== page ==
Don’t Agencies Background Check Trainees For Bullying Scandals? K-Pop Idol Trainers Explain All
Over the past few months, numerous idols have come under fire for allegedly bullying classmates and perpetrating violence during their middle and high school years—but why didn’t their agencies know? These scandals have led fans to question whether agencies background check their idols at all. Now, two K-Pop industry insiders are explaining the truth.
Through the course of his career, Dragon J (author of How to Become a K-Pop Star) went from K-Pop manager to girl group training manager to head of business development at a Korean entertainment industry. YouTuber In Ji Woong is also a former idol trainer and currently directs K-Pop choreography.
So, who better to explain how idols’ past scandals slip through the cracks in a new “Comment Defenders” video with AYO on YouTube?
They don’t investigate idols’ past? It’s all bullies tsk tsk
— AYO commenter
First and foremost, Dragon J explained that agencies can’t investigate a trainee’s entire background. Many have theorized that it’s likely difficult for agencies to do thorough background checks on aspiring idols due to time and resource constraints, legal reasons, and safeguarding restrictions.
Dragon J went on to note that many idols are recommended by art schools, such as the well-known School of Performing Arts Seoul (SOPA) and Hanlim Multi Art School. In those cases, Dragon J says the idols are “guaranteed” to not have bullying issues in their past—at least while they were studying at the school in question. When they recruit through auditions, on the other hand, Dragon J says they’ll “never know” who has a violent or mean history.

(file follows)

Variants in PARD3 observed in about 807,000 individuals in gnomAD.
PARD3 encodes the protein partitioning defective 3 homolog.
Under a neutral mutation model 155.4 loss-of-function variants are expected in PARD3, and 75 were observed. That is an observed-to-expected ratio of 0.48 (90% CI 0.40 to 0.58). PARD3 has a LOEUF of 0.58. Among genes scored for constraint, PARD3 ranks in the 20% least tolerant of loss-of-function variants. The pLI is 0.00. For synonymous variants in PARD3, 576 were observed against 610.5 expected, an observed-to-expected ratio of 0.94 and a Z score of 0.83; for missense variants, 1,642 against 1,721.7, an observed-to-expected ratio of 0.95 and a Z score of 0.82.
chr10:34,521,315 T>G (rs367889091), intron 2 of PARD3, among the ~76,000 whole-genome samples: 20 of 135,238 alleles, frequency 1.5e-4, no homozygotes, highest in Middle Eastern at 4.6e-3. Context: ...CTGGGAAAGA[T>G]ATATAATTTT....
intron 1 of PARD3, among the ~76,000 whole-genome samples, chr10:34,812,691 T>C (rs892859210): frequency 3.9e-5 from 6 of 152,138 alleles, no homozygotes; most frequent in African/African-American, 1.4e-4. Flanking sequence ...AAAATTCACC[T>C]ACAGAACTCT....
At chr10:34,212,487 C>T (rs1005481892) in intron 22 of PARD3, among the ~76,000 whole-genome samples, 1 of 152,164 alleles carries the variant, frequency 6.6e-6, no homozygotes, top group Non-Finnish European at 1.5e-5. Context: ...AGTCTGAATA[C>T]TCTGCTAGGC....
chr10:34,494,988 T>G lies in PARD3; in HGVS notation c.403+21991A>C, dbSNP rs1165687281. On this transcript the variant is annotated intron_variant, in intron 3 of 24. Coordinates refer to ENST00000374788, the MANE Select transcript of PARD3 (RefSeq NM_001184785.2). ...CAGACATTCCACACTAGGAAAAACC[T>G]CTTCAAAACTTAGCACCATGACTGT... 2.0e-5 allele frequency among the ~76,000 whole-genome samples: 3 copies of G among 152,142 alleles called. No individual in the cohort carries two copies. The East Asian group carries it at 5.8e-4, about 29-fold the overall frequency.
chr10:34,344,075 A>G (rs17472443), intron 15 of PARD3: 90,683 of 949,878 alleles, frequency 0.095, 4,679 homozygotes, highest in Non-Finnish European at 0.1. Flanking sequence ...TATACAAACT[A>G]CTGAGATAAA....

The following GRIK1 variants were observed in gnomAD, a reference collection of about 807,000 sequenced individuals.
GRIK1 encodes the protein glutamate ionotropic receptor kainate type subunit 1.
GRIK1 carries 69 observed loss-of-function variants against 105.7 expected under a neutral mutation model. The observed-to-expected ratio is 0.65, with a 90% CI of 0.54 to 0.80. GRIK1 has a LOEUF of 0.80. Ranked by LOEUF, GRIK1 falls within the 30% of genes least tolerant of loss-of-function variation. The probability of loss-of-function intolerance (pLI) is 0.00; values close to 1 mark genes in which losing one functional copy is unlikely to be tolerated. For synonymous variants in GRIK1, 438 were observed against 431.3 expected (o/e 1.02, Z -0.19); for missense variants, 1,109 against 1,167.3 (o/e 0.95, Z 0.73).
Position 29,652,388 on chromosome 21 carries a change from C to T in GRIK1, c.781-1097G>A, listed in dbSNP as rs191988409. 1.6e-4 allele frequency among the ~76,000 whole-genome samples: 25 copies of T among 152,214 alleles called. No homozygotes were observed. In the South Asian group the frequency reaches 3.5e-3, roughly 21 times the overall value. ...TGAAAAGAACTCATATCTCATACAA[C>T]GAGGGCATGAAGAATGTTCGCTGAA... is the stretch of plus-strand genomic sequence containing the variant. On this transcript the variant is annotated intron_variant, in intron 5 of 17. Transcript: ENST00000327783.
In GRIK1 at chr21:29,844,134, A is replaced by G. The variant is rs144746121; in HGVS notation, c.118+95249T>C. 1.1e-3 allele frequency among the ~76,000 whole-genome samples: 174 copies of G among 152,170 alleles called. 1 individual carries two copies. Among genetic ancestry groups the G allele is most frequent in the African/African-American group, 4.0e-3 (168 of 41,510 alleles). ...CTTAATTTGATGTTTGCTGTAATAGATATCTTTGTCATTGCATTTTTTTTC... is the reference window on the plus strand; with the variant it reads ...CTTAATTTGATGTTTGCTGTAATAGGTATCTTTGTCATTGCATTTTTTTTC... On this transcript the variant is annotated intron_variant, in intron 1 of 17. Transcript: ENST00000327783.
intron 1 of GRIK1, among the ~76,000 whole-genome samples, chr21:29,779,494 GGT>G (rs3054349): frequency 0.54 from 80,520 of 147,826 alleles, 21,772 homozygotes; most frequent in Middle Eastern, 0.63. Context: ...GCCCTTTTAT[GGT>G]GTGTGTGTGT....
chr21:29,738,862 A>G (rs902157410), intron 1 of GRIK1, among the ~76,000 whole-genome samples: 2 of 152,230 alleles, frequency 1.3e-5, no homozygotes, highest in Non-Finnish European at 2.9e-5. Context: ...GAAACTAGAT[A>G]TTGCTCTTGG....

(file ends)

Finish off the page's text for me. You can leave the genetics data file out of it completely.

However, that doesn’t mean agencies don’t do anything to try to prevent debuting idols who were bullies. In Ji Woong elaborated but revealing that when agencies train future idols, they can usually tell which ones “have a temper“. Trainees have to dance until their bodies are worn out, and In Ji Woong says the ones who don’t have any anger issues usually push through to the very end—even if they break down in tears. According to the former trainer, those who do have attitude issues tend to yell or leave before that point.
Usually trainees who don’t have a personality problem do it til the end even while crying, but some can’t hold their temper and they storm out of the room while yelling.
— In Ji Woong
Ultimately, In Ji Woong says the most important thing the agency checks isn’t the idol’s full school history, but rather their personality. Operating on the assumption that school bullies will remain short-tempered even after securing a training contract, personality is believed to provide agencies with most of the information they need. Later, trainees presumed to have an attitude or personality problem will be filtered out and sent home.
When you keep seeing them, you get some data, then later the agency will internally filter them. Since the social atmosphere has changed now. I think agencies can filter thoroughly on that part, like school violence.
— In Ji Woong, Dragon J